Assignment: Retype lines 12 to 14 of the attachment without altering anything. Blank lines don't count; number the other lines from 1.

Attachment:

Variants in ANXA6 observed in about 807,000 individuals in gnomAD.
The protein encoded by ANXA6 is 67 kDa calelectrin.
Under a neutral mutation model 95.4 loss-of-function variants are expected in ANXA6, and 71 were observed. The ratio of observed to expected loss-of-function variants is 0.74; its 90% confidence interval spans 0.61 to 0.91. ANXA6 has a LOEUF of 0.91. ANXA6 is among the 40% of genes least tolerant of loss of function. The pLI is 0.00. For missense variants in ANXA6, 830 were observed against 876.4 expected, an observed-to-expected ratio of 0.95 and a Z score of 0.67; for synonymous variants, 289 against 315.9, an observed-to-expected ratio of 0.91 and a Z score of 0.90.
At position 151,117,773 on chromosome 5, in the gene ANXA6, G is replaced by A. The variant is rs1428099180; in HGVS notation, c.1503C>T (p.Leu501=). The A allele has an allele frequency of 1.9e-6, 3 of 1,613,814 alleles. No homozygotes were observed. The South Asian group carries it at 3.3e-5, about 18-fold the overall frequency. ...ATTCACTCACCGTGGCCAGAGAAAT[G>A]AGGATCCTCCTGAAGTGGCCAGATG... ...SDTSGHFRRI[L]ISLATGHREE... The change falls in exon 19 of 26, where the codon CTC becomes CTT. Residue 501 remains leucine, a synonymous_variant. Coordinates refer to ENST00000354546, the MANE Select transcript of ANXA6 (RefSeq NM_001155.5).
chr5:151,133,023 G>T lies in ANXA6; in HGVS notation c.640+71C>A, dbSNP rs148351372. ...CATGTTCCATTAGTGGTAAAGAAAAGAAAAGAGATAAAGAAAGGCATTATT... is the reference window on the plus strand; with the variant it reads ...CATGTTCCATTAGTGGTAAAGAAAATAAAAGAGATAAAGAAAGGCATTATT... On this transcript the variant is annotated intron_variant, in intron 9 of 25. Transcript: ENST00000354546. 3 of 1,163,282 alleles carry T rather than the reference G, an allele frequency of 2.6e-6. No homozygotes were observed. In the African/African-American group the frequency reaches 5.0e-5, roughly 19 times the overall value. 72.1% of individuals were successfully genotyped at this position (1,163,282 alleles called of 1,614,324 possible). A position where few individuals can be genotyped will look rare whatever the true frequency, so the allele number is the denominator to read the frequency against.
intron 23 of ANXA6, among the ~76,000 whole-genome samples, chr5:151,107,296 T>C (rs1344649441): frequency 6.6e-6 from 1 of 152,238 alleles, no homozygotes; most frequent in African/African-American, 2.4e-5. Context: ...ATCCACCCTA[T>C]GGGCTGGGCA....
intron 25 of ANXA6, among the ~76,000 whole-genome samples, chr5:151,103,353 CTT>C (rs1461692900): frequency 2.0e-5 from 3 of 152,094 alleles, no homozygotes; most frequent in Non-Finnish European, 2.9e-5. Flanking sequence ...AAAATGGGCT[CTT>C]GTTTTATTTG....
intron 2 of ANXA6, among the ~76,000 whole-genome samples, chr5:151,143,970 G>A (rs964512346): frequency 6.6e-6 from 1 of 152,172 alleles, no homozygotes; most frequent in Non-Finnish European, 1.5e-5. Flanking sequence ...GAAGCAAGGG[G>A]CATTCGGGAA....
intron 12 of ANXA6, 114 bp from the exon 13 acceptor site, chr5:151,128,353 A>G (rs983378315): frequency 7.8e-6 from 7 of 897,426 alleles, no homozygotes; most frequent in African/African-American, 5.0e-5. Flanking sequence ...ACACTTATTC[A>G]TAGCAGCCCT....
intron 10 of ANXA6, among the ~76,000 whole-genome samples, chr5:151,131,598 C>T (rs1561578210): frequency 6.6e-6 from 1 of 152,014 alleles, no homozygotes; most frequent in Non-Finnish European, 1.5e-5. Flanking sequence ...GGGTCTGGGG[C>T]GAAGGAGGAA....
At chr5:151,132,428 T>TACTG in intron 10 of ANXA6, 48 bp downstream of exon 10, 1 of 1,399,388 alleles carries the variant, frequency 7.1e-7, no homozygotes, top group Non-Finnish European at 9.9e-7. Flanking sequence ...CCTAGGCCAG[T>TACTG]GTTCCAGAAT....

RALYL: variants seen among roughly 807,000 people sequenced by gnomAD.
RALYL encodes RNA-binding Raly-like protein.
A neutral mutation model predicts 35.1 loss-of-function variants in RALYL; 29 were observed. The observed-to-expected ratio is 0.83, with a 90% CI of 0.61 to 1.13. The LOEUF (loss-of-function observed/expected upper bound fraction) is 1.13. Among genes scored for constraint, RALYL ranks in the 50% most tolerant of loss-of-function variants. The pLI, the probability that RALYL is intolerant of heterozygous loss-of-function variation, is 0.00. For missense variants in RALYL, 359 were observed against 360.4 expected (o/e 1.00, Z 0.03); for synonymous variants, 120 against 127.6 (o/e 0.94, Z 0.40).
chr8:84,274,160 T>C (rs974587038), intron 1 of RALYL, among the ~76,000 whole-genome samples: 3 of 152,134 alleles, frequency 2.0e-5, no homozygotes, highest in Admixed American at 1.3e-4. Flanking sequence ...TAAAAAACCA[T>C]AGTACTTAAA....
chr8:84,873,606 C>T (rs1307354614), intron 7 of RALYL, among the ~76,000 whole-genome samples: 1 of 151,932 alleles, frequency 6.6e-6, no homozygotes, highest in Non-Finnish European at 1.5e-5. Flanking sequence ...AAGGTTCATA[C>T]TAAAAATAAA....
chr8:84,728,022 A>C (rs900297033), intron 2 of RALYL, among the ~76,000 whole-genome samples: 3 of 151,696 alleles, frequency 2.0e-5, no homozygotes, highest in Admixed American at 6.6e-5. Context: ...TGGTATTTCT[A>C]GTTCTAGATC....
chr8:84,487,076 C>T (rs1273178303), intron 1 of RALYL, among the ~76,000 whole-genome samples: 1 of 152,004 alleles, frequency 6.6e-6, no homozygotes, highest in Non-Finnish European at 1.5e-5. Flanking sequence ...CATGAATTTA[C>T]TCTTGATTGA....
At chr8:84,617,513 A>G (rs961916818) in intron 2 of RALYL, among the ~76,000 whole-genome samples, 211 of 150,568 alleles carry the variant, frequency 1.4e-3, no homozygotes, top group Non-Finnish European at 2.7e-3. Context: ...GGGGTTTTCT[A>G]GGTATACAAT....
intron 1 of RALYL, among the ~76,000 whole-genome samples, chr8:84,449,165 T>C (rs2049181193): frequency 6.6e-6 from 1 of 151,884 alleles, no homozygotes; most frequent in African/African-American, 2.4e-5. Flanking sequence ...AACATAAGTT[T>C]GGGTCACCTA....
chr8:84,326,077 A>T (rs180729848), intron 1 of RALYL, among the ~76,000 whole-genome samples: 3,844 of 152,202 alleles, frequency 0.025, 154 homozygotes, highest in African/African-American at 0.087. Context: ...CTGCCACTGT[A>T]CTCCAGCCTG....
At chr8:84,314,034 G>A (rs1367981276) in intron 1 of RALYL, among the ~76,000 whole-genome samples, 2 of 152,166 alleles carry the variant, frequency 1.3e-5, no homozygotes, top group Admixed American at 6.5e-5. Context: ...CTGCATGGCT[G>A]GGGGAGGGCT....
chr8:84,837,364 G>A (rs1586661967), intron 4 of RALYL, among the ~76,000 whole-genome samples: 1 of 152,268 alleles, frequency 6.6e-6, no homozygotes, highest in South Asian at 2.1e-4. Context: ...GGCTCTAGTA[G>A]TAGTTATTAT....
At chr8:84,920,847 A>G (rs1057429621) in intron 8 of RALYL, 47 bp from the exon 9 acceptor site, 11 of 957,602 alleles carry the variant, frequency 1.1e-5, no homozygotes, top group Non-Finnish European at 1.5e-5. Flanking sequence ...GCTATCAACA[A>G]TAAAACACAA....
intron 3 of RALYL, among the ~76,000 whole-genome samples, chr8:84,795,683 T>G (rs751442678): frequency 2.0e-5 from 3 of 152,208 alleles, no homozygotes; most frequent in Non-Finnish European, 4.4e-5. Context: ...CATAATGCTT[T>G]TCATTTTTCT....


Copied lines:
RALYL: variants seen among roughly 807,000 people sequenced by gnomAD.
RALYL encodes RNA-binding Raly-like protein.
A neutral mutation model predicts 35.1 loss-of-function variants in RALYL; 29 were observed. The observed-to-expected ratio is 0.83, with a 90% CI of 0.61 to 1.13. The LOEUF (loss-of-function observed/expected upper bound fraction) is 1.13. Among genes scored for constraint, RALYL ranks in the 50% most tolerant of loss-of-function variants. The pLI, the probability that RALYL is intolerant of heterozygous loss-of-function variation, is 0.00. For missense variants in RALYL, 359 were observed against 360.4 expected (o/e 1.00, Z 0.03); for synonymous variants, 120 against 127.6 (o/e 0.94, Z 0.40).